SAHRC chair: Malema is not exonerated from wrongdoing

The commission received complaints about separate statements made over a period of three years by Julius Malema and his EFF colleague Godrich Gardee.

FILE: EFF leader Julius Malema at the party’s headquarters. Picture: Abigail Javier/EWN.

JOHANNESBURG - The South African Human Rights Commission (SAHRC) says Economic Freedom Fighters (EFF) leader Julius Malema's comments criticising Indians and white people are still problematic, despite finding no legal grounds to classify them as hate speech.

The commission received complaints about separate statements made over a period of three years by Malema and his EFF colleague Godrich Gardee.

The remarks, which the commission investigated include the ‘kill the boer’ song, calling on supporters 'not to slaughter whites for now' and a claim that the majority of Indians are racist.

Human Rights Commission chair Bongani Majola says although they found that Malema's five statements don’t amount to hate speech, it doesn’t mean he’s exonerated from wrongdoing.

“Even though the finding is that it doesn’t amount to hate speech this time, his utterances are still quite problematic to us, in a democratic society that is committed to healing the divisions of the past.”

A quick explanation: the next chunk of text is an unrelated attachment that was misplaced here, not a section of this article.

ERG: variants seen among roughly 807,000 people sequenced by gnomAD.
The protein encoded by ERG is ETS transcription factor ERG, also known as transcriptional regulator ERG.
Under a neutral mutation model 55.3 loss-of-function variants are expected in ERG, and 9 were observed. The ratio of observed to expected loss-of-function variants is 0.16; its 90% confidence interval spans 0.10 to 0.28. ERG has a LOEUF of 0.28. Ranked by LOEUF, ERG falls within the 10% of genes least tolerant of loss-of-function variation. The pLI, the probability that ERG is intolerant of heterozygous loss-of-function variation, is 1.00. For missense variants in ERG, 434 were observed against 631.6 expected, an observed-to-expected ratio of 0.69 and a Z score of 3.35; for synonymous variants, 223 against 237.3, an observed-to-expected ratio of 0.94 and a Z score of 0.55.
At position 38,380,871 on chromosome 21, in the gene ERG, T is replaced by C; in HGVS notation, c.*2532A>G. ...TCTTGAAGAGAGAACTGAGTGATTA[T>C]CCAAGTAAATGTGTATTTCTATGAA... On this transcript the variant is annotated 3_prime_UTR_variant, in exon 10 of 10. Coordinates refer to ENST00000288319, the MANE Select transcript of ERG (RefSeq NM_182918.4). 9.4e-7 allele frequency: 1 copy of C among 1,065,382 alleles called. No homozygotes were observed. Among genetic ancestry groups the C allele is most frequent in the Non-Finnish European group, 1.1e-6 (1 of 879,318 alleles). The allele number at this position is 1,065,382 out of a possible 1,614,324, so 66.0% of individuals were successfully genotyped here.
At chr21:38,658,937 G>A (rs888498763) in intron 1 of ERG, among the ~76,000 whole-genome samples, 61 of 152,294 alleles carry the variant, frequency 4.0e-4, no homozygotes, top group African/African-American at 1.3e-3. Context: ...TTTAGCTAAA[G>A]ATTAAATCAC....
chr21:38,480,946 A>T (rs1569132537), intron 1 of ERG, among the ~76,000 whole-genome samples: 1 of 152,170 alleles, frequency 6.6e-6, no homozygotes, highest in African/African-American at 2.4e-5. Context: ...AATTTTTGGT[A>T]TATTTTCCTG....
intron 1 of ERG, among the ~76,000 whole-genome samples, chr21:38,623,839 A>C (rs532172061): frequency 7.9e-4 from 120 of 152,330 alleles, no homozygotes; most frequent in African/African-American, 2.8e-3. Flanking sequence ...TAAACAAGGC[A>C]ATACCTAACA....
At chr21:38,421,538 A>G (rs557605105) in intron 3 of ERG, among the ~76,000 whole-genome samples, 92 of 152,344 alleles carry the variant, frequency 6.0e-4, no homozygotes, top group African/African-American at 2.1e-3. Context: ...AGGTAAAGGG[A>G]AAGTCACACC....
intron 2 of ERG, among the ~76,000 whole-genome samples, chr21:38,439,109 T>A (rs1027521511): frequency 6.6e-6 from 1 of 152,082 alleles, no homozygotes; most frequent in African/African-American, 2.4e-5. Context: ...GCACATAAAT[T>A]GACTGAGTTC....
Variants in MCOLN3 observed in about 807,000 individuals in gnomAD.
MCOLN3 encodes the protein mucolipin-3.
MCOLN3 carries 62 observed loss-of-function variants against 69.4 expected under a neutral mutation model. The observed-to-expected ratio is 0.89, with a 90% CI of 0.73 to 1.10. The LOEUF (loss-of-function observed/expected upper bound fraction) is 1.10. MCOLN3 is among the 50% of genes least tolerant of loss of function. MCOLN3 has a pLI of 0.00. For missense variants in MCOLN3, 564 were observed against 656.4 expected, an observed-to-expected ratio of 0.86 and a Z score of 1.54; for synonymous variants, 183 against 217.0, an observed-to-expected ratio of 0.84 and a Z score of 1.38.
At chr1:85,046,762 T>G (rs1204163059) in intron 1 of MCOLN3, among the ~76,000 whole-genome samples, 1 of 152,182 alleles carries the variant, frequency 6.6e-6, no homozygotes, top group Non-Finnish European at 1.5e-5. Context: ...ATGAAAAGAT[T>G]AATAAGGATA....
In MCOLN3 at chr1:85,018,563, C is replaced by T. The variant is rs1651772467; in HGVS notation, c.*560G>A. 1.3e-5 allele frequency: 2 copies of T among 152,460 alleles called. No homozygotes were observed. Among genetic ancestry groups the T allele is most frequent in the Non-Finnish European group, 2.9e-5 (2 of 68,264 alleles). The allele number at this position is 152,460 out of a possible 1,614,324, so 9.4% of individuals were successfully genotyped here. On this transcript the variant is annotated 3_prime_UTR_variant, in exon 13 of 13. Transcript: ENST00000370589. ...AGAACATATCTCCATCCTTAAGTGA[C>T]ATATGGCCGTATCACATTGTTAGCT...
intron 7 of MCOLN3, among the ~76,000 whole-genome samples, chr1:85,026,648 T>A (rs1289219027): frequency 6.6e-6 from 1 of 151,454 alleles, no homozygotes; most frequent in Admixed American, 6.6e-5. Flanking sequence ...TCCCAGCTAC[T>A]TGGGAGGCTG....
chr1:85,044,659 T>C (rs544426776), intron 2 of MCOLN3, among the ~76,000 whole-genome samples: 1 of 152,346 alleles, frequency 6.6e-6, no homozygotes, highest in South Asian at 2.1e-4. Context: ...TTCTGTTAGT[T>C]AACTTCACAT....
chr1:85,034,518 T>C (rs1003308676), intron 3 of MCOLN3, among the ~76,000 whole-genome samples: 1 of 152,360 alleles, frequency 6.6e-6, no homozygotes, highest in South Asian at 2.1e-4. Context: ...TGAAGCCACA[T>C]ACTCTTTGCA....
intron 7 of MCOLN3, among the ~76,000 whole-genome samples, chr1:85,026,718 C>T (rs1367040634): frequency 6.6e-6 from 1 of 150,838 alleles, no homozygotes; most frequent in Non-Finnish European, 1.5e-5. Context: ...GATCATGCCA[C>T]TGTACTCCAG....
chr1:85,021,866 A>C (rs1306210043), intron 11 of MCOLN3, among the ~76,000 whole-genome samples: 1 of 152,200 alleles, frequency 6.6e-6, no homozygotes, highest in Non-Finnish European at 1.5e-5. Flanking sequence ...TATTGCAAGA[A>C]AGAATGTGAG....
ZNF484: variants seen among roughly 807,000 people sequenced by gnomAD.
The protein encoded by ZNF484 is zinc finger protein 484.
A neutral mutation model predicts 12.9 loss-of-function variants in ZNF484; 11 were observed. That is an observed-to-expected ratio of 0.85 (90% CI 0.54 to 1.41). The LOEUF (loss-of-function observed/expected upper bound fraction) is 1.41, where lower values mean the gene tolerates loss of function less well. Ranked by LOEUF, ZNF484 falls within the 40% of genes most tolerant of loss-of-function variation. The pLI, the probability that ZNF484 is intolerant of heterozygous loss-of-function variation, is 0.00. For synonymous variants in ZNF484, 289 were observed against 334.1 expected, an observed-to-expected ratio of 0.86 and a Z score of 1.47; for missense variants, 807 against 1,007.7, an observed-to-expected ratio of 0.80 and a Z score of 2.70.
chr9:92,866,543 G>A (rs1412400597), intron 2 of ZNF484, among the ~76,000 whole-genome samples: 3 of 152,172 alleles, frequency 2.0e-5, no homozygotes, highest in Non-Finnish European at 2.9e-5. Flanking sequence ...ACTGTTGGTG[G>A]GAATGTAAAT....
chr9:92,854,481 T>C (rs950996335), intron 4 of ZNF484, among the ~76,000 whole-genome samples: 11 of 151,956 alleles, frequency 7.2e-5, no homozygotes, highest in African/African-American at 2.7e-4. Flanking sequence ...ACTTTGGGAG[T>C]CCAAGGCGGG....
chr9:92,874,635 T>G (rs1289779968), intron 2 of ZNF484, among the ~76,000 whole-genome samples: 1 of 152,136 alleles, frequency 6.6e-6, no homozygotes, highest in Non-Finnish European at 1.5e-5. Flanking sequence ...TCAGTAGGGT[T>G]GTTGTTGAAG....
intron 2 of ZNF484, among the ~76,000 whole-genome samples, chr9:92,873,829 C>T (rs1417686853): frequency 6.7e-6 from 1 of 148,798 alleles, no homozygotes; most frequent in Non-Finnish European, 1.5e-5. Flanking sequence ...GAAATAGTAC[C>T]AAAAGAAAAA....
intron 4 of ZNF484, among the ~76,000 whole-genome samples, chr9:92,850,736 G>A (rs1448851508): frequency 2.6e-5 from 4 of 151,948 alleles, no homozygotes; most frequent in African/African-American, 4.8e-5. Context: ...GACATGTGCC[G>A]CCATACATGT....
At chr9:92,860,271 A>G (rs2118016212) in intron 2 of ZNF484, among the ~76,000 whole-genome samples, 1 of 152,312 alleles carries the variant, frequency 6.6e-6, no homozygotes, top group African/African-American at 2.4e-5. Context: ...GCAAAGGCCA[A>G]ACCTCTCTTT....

The commission said although Malema’s utterances have been perceived to be hurtful by some, the commission had to be guided by the law and not by emotions.

A month ago, Parliament’s portfolio committee on justice received submissions to amend the Prevention and Combatting of Hate Crimes and Hate Speech Bill.

The Bill proposes a statutory criminal offence to those who use foul words to discriminate against others based on their race, gender, sexuality, religion, ethnicity or age.

The HRC also said Malema needs to find other ways to talk to his supporters.

The commission’s CEO Tseliso Thipanyane said there was an element of irresponsibility in Malema’s statements.

“We should actually be very careful if how we communicate, and this is why we find Mr malema’s quite problematic.”

Senior researcher Shanelle van der Berg added: “By not calling for the slaughtering of white people and not seeing a point in time where this will be called for, there is no imminent threat.”

The commission found that all of the statements had to be viewed in context and it acknowledged that black people are still more vulnerable than Indians.

The fifth matter is regarding Gardee calling DA leader Mmusi Maimane a garden boy on social media.